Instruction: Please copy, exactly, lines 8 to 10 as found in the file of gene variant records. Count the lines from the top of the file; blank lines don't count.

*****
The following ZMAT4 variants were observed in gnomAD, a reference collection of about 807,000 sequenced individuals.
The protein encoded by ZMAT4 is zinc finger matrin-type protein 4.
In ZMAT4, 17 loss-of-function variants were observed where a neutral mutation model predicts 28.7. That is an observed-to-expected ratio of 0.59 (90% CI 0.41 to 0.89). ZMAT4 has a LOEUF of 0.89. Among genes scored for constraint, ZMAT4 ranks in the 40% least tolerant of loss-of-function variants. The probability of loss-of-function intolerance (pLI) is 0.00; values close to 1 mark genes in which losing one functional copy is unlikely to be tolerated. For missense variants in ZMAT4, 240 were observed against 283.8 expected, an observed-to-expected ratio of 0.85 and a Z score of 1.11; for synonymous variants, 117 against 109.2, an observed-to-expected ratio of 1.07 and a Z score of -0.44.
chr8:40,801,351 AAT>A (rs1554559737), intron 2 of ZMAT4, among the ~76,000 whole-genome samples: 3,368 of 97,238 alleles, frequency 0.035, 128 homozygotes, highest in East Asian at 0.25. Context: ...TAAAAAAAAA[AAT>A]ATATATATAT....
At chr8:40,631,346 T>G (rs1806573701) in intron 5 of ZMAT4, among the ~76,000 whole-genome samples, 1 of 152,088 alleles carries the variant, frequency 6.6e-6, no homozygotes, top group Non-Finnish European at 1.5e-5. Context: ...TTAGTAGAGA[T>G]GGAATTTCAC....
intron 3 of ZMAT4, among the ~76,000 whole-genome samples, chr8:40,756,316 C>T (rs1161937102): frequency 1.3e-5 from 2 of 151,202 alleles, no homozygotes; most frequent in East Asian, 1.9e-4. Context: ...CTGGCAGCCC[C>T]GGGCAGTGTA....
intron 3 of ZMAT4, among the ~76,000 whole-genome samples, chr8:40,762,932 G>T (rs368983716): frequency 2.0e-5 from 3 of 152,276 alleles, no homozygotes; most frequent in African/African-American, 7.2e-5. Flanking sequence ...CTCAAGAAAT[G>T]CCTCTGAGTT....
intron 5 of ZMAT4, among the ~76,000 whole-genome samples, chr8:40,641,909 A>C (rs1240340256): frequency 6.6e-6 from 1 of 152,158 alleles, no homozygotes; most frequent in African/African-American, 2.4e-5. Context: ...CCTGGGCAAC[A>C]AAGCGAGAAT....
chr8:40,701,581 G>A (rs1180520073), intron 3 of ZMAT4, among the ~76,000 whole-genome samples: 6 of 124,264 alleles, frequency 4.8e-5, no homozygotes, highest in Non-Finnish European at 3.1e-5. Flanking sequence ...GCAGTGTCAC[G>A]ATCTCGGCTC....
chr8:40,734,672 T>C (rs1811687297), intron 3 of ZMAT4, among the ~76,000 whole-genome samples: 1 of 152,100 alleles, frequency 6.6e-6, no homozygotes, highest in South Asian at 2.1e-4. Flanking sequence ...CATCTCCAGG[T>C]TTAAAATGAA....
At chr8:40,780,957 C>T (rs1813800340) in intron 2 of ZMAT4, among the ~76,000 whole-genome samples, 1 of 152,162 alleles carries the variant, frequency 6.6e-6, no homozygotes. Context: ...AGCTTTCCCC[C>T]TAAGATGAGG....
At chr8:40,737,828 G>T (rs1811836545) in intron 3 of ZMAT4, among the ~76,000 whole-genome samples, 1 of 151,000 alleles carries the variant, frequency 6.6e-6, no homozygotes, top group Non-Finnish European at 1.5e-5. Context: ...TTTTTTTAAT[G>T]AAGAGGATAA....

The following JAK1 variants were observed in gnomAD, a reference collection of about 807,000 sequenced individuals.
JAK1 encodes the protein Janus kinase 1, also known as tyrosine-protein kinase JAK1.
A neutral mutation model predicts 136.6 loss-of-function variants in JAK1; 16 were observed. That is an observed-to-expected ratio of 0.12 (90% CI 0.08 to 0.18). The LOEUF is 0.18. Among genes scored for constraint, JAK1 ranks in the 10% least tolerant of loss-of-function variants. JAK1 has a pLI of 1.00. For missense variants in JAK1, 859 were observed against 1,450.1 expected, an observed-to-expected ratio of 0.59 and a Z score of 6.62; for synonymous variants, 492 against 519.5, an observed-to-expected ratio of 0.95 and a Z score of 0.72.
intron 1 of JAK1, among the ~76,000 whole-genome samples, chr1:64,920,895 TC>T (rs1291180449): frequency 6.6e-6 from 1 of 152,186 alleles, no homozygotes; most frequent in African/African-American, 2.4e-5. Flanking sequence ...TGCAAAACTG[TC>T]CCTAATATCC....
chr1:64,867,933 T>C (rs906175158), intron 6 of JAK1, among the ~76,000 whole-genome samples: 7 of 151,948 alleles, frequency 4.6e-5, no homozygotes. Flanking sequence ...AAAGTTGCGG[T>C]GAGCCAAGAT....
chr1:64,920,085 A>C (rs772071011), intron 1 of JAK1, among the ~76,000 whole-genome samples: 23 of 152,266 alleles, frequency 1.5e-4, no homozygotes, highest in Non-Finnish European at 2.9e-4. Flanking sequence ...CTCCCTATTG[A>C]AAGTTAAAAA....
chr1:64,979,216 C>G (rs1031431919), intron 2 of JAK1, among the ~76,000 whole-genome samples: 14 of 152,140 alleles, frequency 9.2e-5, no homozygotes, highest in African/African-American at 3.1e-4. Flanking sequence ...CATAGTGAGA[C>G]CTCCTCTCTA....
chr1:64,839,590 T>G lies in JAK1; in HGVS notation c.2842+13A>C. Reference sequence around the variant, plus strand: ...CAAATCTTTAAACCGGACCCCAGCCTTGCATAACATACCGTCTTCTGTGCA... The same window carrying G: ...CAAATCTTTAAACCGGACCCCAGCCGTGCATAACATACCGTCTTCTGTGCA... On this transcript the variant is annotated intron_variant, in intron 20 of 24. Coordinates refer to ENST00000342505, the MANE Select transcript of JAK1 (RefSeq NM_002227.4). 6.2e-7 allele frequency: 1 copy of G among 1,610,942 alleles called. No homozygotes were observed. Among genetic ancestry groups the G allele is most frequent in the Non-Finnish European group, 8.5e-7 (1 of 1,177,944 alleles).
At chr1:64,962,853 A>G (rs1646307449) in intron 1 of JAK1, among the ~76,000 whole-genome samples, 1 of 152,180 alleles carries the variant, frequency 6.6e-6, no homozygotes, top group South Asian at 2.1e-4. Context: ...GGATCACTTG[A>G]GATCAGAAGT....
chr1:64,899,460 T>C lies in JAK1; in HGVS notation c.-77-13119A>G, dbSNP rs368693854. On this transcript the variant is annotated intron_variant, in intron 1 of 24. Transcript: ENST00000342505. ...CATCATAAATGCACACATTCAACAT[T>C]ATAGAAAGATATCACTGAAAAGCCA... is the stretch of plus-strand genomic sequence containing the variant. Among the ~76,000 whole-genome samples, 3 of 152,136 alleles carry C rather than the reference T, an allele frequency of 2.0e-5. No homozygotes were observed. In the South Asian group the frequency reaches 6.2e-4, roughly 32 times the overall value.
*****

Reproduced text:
intron 5 of ZMAT4, among the ~76,000 whole-genome samples, chr8:40,641,909 A>C (rs1240340256): frequency 6.6e-6 from 1 of 152,158 alleles, no homozygotes; most frequent in African/African-American, 2.4e-5. Context: ...CCTGGGCAAC[A>C]AAGCGAGAAT....
chr8:40,701,581 G>A (rs1180520073), intron 3 of ZMAT4, among the ~76,000 whole-genome samples: 6 of 124,264 alleles, frequency 4.8e-5, no homozygotes, highest in Non-Finnish European at 3.1e-5. Flanking sequence ...GCAGTGTCAC[G>A]ATCTCGGCTC....
chr8:40,734,672 T>C (rs1811687297), intron 3 of ZMAT4, among the ~76,000 whole-genome samples: 1 of 152,100 alleles, frequency 6.6e-6, no homozygotes, highest in South Asian at 2.1e-4. Flanking sequence ...CATCTCCAGG[T>C]TTAAAATGAA....